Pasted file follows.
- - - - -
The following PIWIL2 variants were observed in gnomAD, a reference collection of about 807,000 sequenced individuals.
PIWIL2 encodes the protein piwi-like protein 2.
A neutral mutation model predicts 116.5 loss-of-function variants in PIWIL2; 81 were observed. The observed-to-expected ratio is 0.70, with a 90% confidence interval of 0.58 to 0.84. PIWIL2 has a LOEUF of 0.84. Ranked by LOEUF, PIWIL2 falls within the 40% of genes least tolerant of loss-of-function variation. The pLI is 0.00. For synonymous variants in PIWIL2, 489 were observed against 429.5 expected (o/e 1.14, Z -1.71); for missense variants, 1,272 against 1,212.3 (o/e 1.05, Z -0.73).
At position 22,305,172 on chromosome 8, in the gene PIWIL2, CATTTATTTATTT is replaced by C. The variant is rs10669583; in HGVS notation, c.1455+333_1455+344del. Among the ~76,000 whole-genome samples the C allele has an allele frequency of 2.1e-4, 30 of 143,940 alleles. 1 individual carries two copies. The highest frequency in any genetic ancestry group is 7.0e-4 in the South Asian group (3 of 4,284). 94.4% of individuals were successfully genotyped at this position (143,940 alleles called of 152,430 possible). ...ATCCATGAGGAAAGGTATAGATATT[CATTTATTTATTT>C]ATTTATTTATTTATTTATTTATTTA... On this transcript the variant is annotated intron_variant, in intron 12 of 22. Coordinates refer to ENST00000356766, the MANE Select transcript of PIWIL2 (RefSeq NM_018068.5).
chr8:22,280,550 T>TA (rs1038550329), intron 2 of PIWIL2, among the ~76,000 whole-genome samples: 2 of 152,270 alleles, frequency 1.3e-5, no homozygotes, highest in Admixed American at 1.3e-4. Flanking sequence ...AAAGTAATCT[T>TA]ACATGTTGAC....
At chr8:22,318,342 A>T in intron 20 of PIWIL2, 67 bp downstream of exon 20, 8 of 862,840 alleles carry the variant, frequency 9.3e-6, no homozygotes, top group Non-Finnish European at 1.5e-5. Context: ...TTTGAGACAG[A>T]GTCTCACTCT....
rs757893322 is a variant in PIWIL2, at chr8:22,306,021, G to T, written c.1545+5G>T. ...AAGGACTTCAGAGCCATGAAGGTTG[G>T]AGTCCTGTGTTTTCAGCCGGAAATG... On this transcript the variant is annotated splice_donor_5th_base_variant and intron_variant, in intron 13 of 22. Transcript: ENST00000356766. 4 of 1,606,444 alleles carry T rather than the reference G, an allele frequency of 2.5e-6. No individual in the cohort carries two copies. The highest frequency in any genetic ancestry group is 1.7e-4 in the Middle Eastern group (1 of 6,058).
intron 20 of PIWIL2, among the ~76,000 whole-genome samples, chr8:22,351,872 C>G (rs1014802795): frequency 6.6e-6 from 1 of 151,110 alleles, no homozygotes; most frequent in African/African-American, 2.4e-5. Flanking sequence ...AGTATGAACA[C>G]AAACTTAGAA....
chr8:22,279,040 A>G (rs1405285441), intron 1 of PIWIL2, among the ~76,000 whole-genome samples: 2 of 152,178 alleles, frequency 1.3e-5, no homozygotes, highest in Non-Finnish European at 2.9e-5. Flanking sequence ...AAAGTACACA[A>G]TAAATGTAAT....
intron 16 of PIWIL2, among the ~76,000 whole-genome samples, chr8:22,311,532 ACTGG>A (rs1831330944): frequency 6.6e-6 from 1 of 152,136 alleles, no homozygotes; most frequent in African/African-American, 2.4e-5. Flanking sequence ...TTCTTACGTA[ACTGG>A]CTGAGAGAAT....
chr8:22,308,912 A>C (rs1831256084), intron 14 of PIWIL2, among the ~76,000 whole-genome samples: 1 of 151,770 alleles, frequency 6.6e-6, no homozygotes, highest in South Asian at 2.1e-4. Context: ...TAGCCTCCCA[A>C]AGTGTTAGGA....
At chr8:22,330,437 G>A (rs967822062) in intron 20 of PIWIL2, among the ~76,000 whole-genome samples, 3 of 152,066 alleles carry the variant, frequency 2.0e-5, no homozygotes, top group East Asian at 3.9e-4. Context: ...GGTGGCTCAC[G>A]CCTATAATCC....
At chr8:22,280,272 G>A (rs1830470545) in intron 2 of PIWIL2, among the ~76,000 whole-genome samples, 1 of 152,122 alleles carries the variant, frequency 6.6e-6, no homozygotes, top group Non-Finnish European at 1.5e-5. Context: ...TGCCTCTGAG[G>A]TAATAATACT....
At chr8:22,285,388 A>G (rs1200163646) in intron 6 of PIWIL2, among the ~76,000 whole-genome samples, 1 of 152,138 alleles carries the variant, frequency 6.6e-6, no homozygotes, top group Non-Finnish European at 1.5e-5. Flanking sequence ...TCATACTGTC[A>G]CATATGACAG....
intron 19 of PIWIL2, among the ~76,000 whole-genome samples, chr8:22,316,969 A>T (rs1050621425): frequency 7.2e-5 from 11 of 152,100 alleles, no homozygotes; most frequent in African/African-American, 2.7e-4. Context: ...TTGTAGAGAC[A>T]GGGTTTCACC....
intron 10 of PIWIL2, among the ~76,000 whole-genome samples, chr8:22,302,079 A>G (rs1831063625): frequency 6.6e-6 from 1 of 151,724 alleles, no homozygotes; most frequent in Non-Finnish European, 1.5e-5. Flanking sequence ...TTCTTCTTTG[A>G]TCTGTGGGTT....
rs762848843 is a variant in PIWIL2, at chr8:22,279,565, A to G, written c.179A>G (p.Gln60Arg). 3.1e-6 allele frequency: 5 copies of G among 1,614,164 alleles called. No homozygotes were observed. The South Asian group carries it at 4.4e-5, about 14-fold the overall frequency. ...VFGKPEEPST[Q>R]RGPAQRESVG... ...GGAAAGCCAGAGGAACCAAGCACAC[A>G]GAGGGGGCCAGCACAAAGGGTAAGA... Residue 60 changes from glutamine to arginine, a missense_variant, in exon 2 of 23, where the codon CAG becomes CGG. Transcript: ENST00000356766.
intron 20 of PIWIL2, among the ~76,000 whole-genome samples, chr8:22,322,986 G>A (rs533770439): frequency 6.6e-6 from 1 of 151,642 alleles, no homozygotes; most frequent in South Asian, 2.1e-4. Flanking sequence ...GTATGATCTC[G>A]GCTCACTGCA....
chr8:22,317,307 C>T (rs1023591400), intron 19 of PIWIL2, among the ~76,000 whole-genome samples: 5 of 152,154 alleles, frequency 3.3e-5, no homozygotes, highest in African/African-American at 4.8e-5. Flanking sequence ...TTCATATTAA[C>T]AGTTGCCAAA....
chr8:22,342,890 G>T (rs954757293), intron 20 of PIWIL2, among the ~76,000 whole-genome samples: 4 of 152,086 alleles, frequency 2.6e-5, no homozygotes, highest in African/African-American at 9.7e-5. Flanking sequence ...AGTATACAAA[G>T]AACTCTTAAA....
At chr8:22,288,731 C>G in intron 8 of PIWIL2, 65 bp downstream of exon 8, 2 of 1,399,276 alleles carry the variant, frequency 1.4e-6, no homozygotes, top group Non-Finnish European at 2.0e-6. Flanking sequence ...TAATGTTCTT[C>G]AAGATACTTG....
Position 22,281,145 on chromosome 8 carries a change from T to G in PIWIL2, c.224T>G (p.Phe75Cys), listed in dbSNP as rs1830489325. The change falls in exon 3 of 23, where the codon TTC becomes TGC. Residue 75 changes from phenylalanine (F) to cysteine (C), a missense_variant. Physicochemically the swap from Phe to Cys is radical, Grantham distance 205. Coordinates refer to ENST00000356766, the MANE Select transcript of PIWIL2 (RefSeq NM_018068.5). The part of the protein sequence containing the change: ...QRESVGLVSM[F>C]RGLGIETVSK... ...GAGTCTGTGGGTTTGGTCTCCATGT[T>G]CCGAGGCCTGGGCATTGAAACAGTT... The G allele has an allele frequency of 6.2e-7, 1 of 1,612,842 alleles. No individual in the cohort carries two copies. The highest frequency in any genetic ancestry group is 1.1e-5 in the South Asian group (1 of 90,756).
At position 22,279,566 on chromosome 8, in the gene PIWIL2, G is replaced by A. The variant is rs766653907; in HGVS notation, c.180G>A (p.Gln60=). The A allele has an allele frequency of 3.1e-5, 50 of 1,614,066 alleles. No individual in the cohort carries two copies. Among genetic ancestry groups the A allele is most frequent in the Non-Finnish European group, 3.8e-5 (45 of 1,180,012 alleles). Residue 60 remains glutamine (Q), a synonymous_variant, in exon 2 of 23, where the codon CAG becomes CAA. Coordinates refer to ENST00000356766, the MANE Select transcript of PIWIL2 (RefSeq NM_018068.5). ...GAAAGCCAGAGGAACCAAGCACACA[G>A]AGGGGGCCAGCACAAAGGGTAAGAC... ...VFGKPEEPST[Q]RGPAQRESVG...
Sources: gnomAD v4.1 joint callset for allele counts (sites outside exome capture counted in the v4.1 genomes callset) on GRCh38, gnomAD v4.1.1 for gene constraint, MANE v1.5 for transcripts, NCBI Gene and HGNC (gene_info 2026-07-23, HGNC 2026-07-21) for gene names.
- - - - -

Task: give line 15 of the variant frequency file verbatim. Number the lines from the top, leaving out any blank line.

intron 19 of PIWIL2, among the ~76,000 whole-genome samples, chr8:22,316,969 A>T (rs1050621425): frequency 7.2e-5 from 11 of 152,100 alleles, no homozygotes; most frequent in African/African-American, 2.7e-4. Context: ...TTGTAGAGAC[A>T]GGGTTTCACC....